It wasn't by me, E. M. Forster said it. See also Literature.
Fictional land of giants in Jonathan Swift's Gulliver's Travels. See also Literature.
Keep watch for hooked noses, pony-tailed beards, and lightening-esque scars. See also Literature.
A major antagonist in Charles Dickes's satirical novel Nicholas Nickleby. His character is as bizarre as his namea sadistic one-eyed Yorkshire schoolmaster, obsessed with beating children. See also Fictional, Literature.
From the book A Clockwork Orange, dome refers to one's head; to be domeless therefore is to be brainless and stupid, and a wonder that you manage to do anything at all, making you a wonderboy... a domeless wonderboy, that is. See also Literature.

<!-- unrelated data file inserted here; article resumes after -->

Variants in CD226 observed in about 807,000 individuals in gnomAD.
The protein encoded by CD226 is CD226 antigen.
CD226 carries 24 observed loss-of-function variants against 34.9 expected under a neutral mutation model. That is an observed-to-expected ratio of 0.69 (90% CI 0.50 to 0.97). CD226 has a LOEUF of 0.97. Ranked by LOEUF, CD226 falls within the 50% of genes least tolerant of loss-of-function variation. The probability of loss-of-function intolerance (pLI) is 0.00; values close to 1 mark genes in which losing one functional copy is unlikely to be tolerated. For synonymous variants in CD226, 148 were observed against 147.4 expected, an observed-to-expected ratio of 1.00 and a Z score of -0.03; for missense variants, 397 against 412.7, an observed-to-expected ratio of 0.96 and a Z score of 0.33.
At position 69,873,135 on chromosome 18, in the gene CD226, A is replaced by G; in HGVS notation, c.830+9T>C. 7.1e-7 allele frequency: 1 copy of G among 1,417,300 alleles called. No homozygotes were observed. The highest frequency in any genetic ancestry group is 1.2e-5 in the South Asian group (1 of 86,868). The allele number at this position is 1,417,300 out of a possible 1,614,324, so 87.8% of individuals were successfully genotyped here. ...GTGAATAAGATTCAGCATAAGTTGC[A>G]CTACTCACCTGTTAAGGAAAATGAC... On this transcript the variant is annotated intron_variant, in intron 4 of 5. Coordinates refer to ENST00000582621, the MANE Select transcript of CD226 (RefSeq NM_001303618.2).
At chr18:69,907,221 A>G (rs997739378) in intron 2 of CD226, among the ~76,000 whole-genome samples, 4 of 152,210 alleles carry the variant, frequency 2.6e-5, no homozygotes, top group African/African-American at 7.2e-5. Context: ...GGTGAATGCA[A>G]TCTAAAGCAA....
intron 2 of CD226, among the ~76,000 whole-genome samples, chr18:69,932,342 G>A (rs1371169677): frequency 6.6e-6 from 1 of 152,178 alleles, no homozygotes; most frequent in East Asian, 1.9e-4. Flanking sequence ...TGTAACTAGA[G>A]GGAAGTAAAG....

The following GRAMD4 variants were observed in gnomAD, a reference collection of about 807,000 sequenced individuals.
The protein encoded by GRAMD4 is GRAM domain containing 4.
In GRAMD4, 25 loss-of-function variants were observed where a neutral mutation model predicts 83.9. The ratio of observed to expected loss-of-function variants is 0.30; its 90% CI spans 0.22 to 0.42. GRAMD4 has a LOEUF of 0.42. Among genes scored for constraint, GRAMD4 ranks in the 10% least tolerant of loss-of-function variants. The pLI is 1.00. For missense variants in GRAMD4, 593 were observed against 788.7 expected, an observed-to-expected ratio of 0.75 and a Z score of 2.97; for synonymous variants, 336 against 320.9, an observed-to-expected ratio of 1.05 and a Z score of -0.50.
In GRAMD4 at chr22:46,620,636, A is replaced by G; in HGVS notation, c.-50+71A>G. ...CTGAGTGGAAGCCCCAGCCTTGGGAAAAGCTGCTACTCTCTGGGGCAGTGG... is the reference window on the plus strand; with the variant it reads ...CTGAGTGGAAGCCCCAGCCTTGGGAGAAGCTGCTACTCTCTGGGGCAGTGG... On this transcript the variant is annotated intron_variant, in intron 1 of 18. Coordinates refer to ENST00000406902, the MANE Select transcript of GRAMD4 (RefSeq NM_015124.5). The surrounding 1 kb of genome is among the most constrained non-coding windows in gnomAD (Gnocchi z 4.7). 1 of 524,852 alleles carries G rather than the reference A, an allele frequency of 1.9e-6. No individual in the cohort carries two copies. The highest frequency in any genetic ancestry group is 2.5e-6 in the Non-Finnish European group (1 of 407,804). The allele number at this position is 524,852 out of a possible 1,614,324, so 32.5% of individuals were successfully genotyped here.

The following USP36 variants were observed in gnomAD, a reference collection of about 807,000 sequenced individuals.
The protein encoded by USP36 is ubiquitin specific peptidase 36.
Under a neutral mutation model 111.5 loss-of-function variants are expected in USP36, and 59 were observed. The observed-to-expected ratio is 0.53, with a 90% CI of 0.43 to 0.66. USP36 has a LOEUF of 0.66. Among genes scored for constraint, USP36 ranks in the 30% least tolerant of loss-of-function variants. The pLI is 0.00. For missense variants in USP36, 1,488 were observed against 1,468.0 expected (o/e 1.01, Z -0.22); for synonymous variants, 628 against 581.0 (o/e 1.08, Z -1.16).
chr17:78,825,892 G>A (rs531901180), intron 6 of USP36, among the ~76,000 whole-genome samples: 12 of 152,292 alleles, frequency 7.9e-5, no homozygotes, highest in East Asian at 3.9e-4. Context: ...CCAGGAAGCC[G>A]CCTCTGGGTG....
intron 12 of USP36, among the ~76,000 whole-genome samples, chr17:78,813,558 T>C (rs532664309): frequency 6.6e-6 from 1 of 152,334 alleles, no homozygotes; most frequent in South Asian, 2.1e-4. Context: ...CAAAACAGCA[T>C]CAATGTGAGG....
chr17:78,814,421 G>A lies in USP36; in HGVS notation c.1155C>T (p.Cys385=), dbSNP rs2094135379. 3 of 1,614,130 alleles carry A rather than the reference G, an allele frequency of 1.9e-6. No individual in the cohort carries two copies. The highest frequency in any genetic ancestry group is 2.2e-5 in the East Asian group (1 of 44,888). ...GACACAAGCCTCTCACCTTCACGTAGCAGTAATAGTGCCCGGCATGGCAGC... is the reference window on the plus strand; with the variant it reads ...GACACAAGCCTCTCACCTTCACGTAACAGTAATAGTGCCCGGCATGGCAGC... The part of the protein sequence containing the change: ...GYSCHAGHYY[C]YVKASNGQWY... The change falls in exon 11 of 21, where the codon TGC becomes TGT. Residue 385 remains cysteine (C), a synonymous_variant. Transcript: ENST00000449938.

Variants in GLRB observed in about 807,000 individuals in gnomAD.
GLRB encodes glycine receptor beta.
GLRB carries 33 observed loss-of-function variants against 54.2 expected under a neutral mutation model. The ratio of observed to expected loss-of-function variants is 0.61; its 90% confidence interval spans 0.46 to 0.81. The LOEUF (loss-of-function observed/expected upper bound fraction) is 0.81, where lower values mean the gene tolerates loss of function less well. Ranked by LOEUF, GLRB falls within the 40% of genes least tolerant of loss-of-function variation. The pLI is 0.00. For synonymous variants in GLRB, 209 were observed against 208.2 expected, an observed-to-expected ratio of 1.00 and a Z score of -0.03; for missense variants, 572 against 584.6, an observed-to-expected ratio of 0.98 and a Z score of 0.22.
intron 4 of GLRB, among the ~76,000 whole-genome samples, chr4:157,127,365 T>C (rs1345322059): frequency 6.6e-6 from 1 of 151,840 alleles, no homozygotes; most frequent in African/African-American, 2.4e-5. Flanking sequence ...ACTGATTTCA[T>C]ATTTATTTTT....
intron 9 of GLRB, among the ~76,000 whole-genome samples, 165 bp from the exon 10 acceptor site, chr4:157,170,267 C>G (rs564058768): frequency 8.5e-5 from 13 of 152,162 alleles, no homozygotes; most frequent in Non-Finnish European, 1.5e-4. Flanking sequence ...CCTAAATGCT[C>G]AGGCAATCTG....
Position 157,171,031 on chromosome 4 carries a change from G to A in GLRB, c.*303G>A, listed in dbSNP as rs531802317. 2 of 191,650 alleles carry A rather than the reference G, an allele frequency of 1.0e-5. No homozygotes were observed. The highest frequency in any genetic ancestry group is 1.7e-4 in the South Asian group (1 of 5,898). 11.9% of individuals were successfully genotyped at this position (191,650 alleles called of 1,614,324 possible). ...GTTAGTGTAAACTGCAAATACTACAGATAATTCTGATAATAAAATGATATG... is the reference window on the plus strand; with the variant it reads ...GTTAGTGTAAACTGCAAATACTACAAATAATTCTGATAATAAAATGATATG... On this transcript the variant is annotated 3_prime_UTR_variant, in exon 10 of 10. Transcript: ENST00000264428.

Playground game of the future as described in Aldous Huxley's Brave New World. See also Literature.
I once called a friend a "sorrel nag," and he responded, "I'm not a sorrel nag, you're a bay mare." I had no reply to that. See also Literature.
As in, the bathroom. See George in Whose Afraid of Virginia Woolf: "Martha, will you show her where we keep the, uh, euphemism?" See also Literature, Movies.